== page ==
By Enrique Soriano
OVER a long period of time, the literature on corporate diversification has focused almost exclusively on large, publicly held firms. However, within the last few years, there have been some works published , dealing with diversification issues in small and medium sized firms but also in family businesses (Iacobucci & Rosa, 2005). Whereas some authors hold the view that family businesses engage in significantly less diversification than non-family firms, others describe diversification as a prevalent long-term strategy among family businesses.
Following Guillen (2005) and Granovetter (1995), we define a business group as a collection of legally independent firms that are connected by economic links (such as ownership, financial, and commercial) and social ties (such as family, kinship, and friendship) that lead to operational links. This definition distinguishes conglomerates or strategic alliances from buyer groups, in that the latter operate under somewhat unified entrepreneurial guidance, going beyond simple alliances among otherwise independent firms (Yiu, Bruton and Lu. 2005). In our case, the main social tie that links different firms into a business group will be that all those firms are under the control of the same family. The family business group (FBG), is the group of firms under control or managed by a group of people with family ties.
The usual criteria defining family firms, from the management side point of view, is that the institutional values of the firm should be identified with the family. Empirically this implies the involvement of multiple generations in a business group, the ownership of the group and voting control by family members, the effective management of the firm by family members and a large number of family members having board seats.
Examples of big family business groups in the Philippines are the Ayala Group, the Lopez Group, and the Gokongwei Group. Some of the most enduring family businesses started in one industry before growing into diversified companies with many lines of businesses.
Diversification is entering new markets with new products. Sometimes you just need to bust out and try something new like if you’re a tobacco firm, buying a packaged-food company; a cola firm entering the water business; or a chemical company going into the spa supply business.
Many companies appreciate the need to diversify but few use it as a way of relating to their markets. Fundamentally, this strategy is about creating new products with new product life cycles and making the existing ones obsolete. By doing so, firms launch new products that are developed not just for current customers but for new ones, too. To execute this strategy, you usually manage a merger, an acquisition, or a completely new business venture.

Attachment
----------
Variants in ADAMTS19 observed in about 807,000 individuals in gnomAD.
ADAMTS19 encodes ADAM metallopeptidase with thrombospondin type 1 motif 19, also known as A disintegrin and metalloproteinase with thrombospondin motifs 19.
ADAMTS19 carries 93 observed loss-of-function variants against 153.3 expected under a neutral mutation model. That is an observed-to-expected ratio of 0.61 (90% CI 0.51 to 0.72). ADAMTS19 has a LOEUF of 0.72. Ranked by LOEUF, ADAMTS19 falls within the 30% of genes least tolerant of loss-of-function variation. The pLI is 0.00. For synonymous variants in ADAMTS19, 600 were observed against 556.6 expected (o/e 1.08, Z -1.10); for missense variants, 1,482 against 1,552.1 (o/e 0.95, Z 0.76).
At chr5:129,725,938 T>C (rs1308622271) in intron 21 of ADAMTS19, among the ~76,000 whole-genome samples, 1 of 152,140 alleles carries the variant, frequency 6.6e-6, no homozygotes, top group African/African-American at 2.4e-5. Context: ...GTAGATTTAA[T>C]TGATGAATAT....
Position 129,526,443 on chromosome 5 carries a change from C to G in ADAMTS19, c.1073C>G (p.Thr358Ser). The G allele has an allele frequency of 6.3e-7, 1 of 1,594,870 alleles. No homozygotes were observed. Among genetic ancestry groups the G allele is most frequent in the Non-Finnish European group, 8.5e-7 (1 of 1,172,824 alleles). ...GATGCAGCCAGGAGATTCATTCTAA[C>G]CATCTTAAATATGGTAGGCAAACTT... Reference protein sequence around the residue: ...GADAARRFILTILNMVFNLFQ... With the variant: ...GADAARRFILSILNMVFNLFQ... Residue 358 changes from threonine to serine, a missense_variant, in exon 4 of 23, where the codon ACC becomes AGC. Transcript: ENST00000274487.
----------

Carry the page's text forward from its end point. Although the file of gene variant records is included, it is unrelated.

Well-known, highly innovative companies which include Intel, Google, DuPont, and all the pharmaceutical companies are into diversification. A company’s diversification strategy can be either related or unrelated to its original business. Related diversification makes more sense than unrelated because the company shares assets, skills, or capabilities. But many successful companies, such as Tyco and GE, continue to buy unrelated businesses.
We may distinguish among related and unrelated diversification, which in turn can be seen as a continuum in between single business units and fully diversified firms. Related diversification means entering in multiple industries that are able to share a common pool of corporate resources and capabilities. These are businesses where sales force, advertising, and distribution activities can be shared, exploiting closely related technologies.
We may safely assume that the family is directly involved in decisions regarding corporate diversification (in contrast with publicly held firms, where managers make these choices). Hence, to concentrate on FBG can be a useful way to analyse if diversification may be a valuable strategy for creating value.
To a family business, diversification is a way to extend their capabilities into new lines of business. The diversification will turn out profitable if the capabilities than were useful into one line of business are indeed also a capability in the new segment.
Diversification, on the other hand, may have two main costs for family business groups:
(i) The need of adding capabilities outside those of the family, be it through the hiring of professional managers, or through partnerships with other shareholders that incorporate the needed new abilities. (ii) An increase in complexity in the family group that may affect negatively its organization. In any case, the incorporation of outsiders to the FBG reduces the firm’s control by the family and may require an increase in monitoring effort.
Why Diversification Matters
Anyone who has invested money has heard about the importance of diversification in a portfolio to hedge against losing too much money when markets retreat. Diversification can be equally important to businesses that may face serious threats during turbulent economic times or when disruptive technologies enter the marketplace and big competitors move in. Although family businesses are known for their nimbleness and ability to react quickly to changing times, diversifying lines of business and expanding products and services can offer additional security when times get tough.